Just to let you know, my computer and I are on Island Time. Please deal gently with us.

What about you:  do you have a pet-peave with blogging?

Friday, March 4, 2011

Bahamian Lion Safari

We saw two of them lurking in the shallows. With no known predators, viruses or diseases to which they are susceptible, these two reef menaces lazily spread their venomous fins and spines, gobbling up baby fish by the dozens. If left unchecked, they quickly reproduce, devour their way through the ready supply of food and move on, wrecking havoc one reef at a time. Meet the poisonous Lion Fish.

Native to the South Pacific, it is unknown how or when they came to live in the Atlantic and Caribbean

Seas. Researchers and marine biologists are scrambling to find out how to control the devastation caused by these alien intruders. Nassau bureaucrats designated a bounty and open hunting season a couple of years ago. Many thousands were “bagged”, but the plague goes on unchecked.

Those in the food industry have done their part, touting the flesh of Lion Fish as incredibly tender and delicious, but few divers want to get close enough to the poisonous spines to clean and fillet them. Once they are speared, these fish need to be disposed of very carefully or a world of pain awaits an unsuspecting handler.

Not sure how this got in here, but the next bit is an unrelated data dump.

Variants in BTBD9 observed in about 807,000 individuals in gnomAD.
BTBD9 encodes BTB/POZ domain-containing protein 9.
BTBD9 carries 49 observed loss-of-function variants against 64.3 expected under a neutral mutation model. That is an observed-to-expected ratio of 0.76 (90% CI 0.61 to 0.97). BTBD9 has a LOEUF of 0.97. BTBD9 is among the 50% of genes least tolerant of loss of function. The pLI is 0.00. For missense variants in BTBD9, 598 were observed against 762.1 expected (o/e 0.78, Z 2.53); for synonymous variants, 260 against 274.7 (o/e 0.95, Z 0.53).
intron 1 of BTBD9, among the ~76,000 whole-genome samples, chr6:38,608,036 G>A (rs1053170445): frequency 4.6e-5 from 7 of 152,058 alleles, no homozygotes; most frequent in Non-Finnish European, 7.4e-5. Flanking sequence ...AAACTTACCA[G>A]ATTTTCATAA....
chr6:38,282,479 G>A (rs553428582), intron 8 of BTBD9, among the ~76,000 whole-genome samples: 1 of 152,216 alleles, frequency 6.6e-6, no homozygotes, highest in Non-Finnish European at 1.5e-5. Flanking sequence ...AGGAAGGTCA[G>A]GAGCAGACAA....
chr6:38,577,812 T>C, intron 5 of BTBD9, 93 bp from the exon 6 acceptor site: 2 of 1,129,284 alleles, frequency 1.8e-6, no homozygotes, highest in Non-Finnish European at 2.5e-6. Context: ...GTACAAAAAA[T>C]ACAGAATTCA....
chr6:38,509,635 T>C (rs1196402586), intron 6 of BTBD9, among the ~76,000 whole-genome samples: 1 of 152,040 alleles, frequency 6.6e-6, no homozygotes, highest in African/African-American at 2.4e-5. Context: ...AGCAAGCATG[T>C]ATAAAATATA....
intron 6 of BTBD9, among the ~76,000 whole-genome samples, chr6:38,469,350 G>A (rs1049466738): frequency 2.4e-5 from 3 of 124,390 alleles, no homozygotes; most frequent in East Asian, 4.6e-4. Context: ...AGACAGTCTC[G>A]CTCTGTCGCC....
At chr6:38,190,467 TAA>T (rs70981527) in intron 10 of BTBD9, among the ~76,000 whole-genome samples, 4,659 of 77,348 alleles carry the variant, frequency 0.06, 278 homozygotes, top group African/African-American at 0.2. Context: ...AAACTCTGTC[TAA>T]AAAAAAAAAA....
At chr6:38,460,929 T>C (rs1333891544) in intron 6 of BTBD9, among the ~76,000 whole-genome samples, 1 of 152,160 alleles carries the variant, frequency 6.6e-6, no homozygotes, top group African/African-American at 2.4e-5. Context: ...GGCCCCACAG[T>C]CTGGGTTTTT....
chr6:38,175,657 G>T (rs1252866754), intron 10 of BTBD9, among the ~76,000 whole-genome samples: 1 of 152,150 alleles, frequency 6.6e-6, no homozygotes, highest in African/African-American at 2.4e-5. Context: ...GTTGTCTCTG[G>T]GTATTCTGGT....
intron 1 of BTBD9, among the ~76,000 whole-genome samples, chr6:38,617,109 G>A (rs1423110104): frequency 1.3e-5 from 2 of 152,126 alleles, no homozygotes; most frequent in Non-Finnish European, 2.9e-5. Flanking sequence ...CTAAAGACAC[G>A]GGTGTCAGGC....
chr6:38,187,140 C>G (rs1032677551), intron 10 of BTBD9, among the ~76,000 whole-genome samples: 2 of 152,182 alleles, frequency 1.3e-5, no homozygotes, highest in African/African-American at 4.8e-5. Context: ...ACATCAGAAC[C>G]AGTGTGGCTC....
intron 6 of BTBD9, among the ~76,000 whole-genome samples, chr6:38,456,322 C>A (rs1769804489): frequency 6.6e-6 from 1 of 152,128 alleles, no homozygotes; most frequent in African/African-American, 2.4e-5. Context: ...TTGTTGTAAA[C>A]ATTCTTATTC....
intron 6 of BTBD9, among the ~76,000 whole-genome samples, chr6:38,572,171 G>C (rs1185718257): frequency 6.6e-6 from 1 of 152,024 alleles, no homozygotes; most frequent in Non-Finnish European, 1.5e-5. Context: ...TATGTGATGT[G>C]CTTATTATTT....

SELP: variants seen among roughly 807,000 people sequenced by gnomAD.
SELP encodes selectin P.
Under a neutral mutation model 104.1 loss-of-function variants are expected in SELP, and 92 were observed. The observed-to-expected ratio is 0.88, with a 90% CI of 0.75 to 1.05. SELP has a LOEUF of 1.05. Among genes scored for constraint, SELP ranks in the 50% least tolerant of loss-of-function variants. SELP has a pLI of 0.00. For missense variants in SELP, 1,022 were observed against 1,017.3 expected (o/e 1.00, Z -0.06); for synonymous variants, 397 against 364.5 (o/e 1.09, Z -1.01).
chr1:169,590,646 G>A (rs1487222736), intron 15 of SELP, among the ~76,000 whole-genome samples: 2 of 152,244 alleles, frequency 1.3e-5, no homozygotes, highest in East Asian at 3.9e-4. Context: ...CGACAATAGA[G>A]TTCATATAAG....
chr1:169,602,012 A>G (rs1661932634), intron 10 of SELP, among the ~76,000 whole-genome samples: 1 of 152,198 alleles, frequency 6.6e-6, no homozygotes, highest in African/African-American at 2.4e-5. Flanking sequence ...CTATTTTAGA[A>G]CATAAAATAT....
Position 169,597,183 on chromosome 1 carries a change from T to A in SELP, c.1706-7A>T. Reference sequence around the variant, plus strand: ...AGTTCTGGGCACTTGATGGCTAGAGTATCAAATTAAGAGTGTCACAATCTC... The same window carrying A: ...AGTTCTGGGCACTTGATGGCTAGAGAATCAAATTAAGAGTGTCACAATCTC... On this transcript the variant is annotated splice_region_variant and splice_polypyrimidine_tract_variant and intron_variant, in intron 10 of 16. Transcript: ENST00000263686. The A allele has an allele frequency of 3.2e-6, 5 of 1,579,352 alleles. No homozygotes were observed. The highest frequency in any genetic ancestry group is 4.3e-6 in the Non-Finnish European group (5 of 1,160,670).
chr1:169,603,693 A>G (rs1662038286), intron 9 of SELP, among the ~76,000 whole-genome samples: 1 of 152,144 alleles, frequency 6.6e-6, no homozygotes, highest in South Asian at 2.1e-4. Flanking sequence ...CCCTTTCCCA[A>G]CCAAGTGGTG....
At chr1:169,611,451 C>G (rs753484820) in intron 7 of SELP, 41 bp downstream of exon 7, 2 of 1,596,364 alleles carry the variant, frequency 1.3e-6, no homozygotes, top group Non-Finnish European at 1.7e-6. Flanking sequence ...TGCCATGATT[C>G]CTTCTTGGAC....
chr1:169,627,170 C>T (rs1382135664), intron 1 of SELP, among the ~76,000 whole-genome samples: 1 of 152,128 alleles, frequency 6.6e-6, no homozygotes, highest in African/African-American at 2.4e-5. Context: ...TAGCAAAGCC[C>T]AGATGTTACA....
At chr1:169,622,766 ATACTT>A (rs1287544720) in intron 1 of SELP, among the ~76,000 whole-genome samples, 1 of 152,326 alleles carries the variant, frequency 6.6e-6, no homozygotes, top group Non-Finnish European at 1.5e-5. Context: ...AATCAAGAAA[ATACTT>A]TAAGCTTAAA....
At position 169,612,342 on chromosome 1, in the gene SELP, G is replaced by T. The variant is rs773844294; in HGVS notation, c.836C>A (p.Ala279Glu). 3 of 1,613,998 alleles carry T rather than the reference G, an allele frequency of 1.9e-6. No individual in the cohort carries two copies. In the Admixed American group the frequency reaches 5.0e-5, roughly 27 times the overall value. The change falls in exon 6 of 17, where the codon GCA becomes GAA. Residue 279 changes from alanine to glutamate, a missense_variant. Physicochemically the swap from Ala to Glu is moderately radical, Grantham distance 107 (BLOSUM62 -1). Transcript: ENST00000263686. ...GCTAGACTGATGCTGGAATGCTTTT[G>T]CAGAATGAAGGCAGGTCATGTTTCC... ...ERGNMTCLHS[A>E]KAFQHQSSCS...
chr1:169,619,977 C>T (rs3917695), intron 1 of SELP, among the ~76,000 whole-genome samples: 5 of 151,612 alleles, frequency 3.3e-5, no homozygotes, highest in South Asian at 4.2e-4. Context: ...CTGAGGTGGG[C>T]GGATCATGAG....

Steadfast Captain, Crew and Guests have been on the lookout for sightings, and low and behold, we found two, right here in Compass Cay Marina. Number One Guest garnered permission to spear-fish them, contravening the “no fishing in the marina” rules. Success!

One down, one bigger one to go.

Ah ha! It seems these Lions are quick on the uptake.

-Divers, dead buddy, danger!

Bigger Mr. Lion Fish has been in hiding ever since and despite daily forays into his territory, the hunters have come away with empty spears.

The hunt has become obsessive. Who will win this contest--the Hunter or the Hunted? Surly the human brain can outwit the fishy thought process and prove victorious. Let’s all think like a fish-in-hiding and figure out the next move. Awaiting your input, we remain,

Lion Hunters On Safari!